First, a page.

Heart Box - Cherry wood and purple epoxy

Here’s my cherry wood heart box with purple epoxy. I’ve got some videos of me doing similar concepts over the years, but this is my first attempt at a pure organically shaped box, with the epoxy lined up in the middle. It takes quite a few operations to make them; I mill a “mold” out of wood, pour the epoxy, wait for it to dry, mill the outside of the box, flip it over, and mill the inside. Repeat for the lid…

This is about the max size I can do on my PCNC 1100; I’m maxed out on the y-axis. I really need a dedicated CNC router machine, like the 24R.

I’m working on a YouTube video of these, along with a PDF on how to re-create them.

Should I tag this holiday-gift? I made several of these for sale; someone bought this one as a holiday gift for someone else. I guess it is kind of not something I made to give away, so I won’t tag it!


Hi @corbin_dunn, that looks wonderful! The purple epoxy compliments the cherry ever so nicely!


1 Like

Wow. Please let us know when you put a video out on this. I would like to see this process in action.

I have watched you do these for years on IG. The recent lava colored one “your name” was very sweet looking. And the well sculpted matching lids you have added really make the projects stand out. Well done. A 24r router has been a great investment for me. Expensive but worth every penny.
The lowest spindle speeds are about only thing I often need to work around doing delicate wood objects. Long small dia cutters do not perform well on harder woods turning 10k rpm this can limit total depth of work material and still get good results. Still there is always ways to design, cam to work around any problem. Anyway great job.


I’ll definitely post back here when I get a video up! I’ve been sick the past few days, so it might be a while. In the meantime you can see some of my older ones, where I do some similar processes. Here’s one of the last CNC ones: Lotus Bowl CNC Woodworking Art - CNC router carving an epoxy resin artwork piece - YouTube

1 Like

Thanks! That’s interesting to hear you want to lower the RPMs; I was thinking part of my problem is not spinning the small bits fast enough on my PCNC, which maxes at 5140 RPMs. I’ve been having a heck of a time getting good cuts with a 15 degree V-bit.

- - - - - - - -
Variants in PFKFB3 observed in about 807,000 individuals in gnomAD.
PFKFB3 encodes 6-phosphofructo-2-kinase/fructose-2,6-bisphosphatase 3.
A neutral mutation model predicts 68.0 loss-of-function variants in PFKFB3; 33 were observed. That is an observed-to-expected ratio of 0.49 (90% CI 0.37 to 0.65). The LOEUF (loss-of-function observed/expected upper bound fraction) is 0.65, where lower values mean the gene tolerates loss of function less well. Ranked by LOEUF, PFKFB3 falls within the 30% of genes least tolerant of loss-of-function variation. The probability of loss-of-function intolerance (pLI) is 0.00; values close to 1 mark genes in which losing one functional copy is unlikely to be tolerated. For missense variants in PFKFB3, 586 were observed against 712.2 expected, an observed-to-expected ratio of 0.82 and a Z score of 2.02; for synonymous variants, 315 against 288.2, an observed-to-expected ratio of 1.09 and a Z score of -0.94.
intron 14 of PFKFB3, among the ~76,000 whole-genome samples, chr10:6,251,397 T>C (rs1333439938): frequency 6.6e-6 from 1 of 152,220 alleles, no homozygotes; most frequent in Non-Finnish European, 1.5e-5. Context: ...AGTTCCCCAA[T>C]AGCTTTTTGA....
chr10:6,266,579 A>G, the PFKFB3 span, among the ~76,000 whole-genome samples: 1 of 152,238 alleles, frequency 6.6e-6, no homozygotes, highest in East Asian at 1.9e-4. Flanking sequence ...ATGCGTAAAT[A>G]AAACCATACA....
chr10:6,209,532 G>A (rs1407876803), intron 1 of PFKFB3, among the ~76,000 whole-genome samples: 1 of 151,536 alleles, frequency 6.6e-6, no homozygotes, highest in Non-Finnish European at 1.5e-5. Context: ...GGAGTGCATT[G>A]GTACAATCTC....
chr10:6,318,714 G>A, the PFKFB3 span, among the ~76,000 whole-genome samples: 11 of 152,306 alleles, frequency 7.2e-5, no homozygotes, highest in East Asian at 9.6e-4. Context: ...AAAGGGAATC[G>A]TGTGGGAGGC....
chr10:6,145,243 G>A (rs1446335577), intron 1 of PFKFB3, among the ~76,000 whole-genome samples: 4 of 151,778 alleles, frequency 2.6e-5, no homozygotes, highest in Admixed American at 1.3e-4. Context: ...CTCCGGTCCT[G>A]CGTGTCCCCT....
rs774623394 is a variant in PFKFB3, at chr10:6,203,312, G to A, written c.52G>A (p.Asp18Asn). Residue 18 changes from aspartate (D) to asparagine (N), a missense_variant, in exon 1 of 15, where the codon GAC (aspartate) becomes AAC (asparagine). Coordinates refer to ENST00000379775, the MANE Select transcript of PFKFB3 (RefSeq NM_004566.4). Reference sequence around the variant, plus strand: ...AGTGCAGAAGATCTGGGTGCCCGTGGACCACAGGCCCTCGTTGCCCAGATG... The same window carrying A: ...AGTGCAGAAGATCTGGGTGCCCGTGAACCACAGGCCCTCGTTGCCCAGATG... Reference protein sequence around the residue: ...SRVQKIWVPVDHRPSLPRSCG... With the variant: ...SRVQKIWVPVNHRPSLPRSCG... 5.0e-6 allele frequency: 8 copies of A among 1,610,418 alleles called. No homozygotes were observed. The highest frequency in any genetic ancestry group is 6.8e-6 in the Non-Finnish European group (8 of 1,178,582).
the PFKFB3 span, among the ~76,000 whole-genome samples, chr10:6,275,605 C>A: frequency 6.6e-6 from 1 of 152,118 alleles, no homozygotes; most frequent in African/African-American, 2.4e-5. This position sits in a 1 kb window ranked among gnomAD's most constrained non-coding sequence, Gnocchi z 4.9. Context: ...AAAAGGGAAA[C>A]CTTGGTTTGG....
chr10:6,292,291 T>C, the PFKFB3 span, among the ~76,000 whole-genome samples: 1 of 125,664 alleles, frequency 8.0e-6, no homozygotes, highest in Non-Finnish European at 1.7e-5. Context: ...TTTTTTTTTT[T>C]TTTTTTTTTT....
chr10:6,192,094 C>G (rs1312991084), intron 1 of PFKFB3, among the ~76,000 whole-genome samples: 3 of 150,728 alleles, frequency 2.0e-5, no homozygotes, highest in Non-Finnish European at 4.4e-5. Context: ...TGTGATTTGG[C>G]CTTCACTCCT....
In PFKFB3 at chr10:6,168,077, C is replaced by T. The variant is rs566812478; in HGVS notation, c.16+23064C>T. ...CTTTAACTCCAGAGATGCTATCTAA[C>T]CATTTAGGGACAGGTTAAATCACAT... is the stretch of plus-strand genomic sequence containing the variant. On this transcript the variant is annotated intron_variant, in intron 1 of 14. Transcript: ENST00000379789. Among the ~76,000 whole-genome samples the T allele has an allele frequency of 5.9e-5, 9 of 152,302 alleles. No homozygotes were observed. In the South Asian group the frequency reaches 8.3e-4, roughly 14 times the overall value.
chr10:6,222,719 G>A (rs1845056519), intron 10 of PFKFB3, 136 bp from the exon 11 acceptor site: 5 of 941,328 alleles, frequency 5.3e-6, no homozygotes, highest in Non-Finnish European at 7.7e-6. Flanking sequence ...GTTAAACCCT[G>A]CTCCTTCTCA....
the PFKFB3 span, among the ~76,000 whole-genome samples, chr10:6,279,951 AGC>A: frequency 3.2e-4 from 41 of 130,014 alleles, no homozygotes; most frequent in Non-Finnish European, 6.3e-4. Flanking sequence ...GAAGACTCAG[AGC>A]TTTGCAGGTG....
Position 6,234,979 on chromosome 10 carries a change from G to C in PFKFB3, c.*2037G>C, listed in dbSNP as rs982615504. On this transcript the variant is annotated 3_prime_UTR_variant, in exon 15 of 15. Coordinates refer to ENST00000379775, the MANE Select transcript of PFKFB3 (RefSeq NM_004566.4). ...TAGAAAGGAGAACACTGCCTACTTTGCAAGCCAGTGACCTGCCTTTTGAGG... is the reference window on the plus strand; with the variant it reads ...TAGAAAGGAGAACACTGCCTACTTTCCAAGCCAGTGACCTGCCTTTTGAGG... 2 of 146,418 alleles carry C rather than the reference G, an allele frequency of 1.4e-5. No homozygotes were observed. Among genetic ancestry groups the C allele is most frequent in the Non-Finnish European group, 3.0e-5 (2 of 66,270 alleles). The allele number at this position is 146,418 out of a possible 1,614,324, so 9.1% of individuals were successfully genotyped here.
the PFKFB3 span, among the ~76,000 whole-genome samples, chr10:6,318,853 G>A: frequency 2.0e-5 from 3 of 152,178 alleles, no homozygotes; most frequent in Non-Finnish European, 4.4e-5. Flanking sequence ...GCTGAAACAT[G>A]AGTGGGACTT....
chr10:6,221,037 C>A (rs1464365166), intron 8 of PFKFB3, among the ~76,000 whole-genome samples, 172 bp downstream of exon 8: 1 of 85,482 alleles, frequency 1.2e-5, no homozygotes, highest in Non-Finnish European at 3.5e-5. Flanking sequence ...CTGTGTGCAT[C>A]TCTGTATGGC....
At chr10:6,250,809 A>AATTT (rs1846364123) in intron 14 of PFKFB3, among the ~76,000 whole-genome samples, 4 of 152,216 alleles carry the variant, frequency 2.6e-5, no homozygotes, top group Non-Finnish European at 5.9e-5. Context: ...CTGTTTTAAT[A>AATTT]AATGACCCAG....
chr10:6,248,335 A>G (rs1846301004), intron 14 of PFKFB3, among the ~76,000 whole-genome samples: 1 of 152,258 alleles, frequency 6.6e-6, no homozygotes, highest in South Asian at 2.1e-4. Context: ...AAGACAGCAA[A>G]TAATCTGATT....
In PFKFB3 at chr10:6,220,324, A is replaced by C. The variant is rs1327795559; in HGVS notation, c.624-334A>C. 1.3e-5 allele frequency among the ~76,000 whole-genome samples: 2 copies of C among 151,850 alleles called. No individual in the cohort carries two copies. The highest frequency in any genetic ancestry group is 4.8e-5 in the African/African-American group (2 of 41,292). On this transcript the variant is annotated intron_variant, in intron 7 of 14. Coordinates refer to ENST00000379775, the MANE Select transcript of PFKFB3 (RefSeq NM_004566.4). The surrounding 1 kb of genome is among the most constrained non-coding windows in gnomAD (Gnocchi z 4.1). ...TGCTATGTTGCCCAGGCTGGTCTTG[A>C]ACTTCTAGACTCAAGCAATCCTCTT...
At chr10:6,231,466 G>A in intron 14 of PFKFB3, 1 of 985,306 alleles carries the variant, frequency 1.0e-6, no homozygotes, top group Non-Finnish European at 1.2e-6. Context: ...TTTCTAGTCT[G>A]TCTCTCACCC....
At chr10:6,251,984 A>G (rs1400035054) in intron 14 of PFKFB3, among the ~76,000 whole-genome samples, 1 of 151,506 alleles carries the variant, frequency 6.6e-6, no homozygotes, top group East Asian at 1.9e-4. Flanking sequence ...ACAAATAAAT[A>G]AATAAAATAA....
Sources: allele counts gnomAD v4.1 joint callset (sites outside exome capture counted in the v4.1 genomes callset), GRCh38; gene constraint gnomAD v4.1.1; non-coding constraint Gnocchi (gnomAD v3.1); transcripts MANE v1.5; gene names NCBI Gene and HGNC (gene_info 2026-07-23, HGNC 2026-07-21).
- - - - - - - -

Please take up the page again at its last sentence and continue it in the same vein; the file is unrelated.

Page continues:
What speeds and feeds are you using and which bits? What problems were you having at higher RPMs? I’m super curious. Currently, I have an Avid CNC on order to do dedicated wood projects; but if I end up not liking it, I may sell it look into something else like the 24R

1 Like

The high spindle speeds work fine for small to tiny tools! But this limits total material thickness down to small tool stick out or overhang of small shank cutters. If you use a long-shanked cutter with max stick out, you quickly have a lot of tool flex and TIR “total induced runout”. This causes varied results in the cut, grabbing, chatter, burning, you name it! Increasing spindle speeds and feeds only amplifies the problem. All the chatter and grabbing causes extra force on work piece also! This causes break out in delicate detailed designs. In short you have to limit the total depth of your design and material! If you go to larger tool diameters 3/8 dia + this allows for longer reach and thicker material. But the high spindle speeds with big diameter cutters will again grab and damage the fine delicate detail.
As I mentioned above there is always a way to design, cam and run code to limit problems that a user runs into on a given material! If you clamp everything down big time helps! But this causes different fab issues. Many variables in the process! In short the option for slower spindle rpms and slower feeds would solve many of the issues!
Anyway, overall, the 24r is imho a very well-designed cnc machine as is! And is the easiest most approachable cnc tool in my shop! Just downright fun to use! And I only use a general cad cam system. A more router large format specific cad cam program/system would also add to the fun, productivity and value!

1 Like

Awesome - that is super great info, thanks for sharing! I definitely know what you mean about breaking delicate parts; I usually do my CAM to go slow feeds and shallow DOC on parts that I get chipout on.

1 Like

I finished editing a video on the making of the box: Heart Box - CNC Woodworking - Making an epoxy and wood box with a CNC router - YouTube


@corbin_dunn great video! thanks for sharing